JOURNAL ARTICLE
RESEARCH SUPPORT, NON-U.S. GOV'T
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Long-term improvement in cardiac magnetic resonance in β-thalassemia major patients treated with deferasirox extends to patients with abnormal baseline cardiac function.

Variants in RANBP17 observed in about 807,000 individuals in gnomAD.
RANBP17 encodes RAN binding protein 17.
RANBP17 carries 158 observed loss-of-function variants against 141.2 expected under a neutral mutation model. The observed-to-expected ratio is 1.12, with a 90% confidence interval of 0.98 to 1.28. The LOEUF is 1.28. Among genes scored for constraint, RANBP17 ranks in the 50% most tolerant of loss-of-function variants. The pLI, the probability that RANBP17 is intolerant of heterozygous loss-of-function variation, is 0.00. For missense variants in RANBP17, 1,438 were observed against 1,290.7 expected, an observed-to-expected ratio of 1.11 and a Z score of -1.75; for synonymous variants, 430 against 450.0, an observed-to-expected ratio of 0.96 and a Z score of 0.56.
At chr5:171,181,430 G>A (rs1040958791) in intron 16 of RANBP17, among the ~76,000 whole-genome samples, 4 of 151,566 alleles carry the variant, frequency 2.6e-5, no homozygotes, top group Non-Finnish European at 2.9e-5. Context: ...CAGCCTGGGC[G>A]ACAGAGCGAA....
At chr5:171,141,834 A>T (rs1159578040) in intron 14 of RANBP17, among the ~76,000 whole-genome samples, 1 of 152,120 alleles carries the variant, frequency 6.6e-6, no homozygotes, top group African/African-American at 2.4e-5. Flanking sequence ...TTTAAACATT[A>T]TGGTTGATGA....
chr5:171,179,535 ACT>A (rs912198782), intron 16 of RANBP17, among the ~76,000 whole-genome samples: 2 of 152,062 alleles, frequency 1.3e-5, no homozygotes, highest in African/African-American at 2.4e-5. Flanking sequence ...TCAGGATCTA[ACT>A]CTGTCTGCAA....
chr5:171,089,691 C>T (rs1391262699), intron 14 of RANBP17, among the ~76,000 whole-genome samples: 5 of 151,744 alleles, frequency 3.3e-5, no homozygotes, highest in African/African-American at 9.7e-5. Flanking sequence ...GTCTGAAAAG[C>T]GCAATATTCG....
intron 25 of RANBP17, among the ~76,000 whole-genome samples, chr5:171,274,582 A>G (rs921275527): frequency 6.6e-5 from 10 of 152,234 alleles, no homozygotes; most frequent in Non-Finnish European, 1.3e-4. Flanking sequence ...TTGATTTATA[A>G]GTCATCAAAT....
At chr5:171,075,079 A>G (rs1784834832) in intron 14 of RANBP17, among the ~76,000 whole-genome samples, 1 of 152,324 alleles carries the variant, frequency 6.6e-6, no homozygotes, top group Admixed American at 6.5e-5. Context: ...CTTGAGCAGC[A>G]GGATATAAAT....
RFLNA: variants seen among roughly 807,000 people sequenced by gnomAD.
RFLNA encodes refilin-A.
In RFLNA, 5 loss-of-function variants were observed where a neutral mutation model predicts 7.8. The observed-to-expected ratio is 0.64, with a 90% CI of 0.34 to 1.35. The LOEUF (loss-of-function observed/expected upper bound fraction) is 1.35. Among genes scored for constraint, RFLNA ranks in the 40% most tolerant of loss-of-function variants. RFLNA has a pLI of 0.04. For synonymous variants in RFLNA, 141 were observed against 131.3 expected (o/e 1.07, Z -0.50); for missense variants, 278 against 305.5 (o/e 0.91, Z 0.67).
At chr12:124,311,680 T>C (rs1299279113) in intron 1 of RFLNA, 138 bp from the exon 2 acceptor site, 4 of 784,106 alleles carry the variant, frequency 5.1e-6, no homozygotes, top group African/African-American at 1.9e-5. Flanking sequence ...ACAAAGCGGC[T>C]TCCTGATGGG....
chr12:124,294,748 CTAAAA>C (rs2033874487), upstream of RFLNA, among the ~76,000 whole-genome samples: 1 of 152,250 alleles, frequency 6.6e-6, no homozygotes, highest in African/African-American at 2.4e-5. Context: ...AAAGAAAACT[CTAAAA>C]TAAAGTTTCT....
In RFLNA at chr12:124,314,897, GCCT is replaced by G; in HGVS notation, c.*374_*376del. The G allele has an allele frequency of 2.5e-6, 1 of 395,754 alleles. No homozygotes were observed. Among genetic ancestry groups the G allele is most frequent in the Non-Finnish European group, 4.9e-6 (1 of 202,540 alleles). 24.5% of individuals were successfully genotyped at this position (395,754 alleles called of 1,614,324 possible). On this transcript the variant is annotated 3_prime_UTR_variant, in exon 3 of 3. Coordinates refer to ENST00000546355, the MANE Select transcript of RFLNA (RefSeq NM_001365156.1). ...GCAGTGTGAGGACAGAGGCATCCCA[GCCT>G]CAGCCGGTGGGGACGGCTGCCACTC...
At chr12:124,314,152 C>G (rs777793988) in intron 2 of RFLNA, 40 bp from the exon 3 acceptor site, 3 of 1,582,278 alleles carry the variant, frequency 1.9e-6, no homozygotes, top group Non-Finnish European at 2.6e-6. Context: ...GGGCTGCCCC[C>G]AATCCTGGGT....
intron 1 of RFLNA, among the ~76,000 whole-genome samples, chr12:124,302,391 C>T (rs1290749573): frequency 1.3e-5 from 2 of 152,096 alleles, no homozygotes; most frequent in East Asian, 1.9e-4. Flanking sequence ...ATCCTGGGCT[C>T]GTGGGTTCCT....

The management of iron overload in thalassemia has changed dramatically since the implementation of magnetic resonance imaging, which allows detection of preclinical iron overload and prevention of clinical complications. This study evaluated the effect of deferasirox (DFX), the newest once-daily oral chelator, on cardiac function, iron overload and cardiovascular events over a longer follow up in a "real world" setting. Longitudinal changes in cardiac magnetic resonance T2*, cardiac function parameters and cardiovascular clinical events were assessed in a cohort of 98 TM patients exposed to DFX for a mean of 6.9 years (range 1.8-11.6 years). No cardiac death or incident heart failure occurred. Cardiac T2* significantly increased (+2.6 ± 11.9 msec; P = 0.035) in the whole population, with a significantly greater increase (+11.6 ± 15.5 msec, P = 0.019) in patients with cardiac iron overload (T2* <20 ms). A significant improvement in left-ventricular ejection fraction (LVEF) (from 50.6 ± 6 to 60.2 ± 5; P = 0.001) was observed in 11 (84.6%) out of 13 patients who normalized cardiac function (LVEF >56%). Arrhythmias were the most frequent cardiac adverse event noted but none led to DFX discontinuation. Our data indicate that DFX is effective in maintaining cardiac iron level in the normal range and in improving cardiac iron overload. No heart failure or cardiac death was reported over this longer observation up to 12 years. For the first time, a DFX-induced improvement in LVEF was observed in a subgroup of patients with abnormal cardiac function at baseline, a preliminary observation which deserves further evaluation.

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